This article reviews the clinical use of the metal chelators sodium 2,3-dimercapto-1-propanesulfonate (DMPS), meso-2,3-dimercaptosuccinic acid (DMSA), and calcium disodium edetate (CaEDTA, calcium EDTA) in overexposure and poisonings with salts of lead (Pb), mercury (Hg), and arsenic (As). DMSA has considerably lower toxicity than the classic heavy metal antagonist BAL (2,3-dimercaptopropanol) and is also less toxic than DMPS. Because of its adverse effects, CaEDTA should be replaced by DMSA as the antidote of choice in treating moderate Pb poisoning. Combination therapy with BAL and CaEDTA was previously recommended in cases of severe acute Pb poisoning with encephalopathy. We suggest that BAL in such cases acted as a shuttling Pb transporter from the intra- to the extracellular space. The present paper discusses if a combination of the extracellularly distributed DMSA with the ionophore, Monensin may provide a less toxic combination for Pb mobilization by increasing both the efflux of intracellularly deposited Pb and the urinary Pb excretion. Anyhow, oral therapy with DMSA should be continued with several intermittent courses. DMPS and DMSA are also promising antidotes in Hg poisoning, whereas DMPS seems to be a more efficient agent against As poisoning. However, new insight indicates that a combination of low-dosed BAL plus DMPS could be a preferred antidotal therapy to obtain mobilization of the intracerebral deposits into the circulation for subsequent rapid urinary excretion.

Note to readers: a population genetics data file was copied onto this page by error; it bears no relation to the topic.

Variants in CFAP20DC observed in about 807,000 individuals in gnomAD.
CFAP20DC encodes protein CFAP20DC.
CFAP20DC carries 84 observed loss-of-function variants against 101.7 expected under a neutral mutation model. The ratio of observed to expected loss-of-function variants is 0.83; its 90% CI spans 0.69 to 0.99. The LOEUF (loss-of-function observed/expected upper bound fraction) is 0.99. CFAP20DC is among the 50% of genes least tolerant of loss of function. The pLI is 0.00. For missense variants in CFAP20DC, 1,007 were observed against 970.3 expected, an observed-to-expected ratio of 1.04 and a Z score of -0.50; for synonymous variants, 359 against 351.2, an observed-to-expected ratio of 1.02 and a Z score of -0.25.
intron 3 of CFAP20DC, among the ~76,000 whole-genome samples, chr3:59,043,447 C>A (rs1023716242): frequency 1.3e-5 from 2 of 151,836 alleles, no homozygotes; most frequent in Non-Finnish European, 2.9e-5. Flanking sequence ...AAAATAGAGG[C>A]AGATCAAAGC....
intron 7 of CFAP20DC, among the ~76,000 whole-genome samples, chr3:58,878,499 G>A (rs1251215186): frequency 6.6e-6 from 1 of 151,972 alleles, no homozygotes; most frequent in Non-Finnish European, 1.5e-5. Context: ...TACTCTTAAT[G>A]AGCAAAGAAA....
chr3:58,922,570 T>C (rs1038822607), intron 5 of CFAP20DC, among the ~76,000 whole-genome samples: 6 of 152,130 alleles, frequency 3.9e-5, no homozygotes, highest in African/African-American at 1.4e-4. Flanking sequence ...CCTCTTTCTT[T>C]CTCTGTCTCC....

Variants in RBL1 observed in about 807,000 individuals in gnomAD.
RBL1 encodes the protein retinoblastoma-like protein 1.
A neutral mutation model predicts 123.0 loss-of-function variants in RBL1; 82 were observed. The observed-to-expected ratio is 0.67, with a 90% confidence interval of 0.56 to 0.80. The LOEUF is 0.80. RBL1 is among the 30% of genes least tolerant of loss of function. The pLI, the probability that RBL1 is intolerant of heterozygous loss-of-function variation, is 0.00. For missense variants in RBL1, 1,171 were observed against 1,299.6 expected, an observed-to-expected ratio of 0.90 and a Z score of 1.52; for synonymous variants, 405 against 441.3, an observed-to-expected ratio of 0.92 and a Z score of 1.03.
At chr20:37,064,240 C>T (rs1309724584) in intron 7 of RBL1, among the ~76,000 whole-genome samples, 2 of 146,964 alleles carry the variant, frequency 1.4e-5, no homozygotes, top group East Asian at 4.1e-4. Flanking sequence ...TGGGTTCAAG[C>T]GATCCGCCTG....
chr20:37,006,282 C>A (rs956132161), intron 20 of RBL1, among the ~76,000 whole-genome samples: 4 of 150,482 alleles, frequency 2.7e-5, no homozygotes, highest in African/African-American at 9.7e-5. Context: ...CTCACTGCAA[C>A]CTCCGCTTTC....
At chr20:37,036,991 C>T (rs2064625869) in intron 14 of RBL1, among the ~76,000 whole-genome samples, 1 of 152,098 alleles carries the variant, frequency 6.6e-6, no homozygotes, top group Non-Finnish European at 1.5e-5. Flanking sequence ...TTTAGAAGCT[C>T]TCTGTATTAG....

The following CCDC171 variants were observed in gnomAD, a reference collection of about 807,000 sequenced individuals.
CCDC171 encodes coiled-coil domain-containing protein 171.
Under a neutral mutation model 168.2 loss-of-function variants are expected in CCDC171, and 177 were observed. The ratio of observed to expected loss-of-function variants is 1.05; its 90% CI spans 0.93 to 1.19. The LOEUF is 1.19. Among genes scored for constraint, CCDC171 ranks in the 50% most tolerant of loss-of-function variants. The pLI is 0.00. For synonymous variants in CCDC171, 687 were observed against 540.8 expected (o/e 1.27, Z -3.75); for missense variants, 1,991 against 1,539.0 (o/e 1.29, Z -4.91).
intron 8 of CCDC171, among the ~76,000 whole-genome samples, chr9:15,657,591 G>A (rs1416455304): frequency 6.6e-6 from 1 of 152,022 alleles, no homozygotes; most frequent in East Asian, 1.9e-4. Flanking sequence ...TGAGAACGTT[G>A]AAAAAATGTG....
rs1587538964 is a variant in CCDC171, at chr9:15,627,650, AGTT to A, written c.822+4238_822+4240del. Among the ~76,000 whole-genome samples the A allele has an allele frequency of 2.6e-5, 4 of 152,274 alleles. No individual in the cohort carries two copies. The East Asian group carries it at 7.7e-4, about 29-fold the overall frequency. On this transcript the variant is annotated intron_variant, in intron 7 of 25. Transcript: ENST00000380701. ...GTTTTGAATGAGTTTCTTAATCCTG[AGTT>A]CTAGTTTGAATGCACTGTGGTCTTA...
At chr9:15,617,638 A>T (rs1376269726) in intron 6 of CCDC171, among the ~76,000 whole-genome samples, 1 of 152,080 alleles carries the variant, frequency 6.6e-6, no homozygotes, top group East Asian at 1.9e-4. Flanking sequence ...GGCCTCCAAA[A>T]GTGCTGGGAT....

Keywords: DMPS; DMSA; EDTA; Metal chelators; Metals.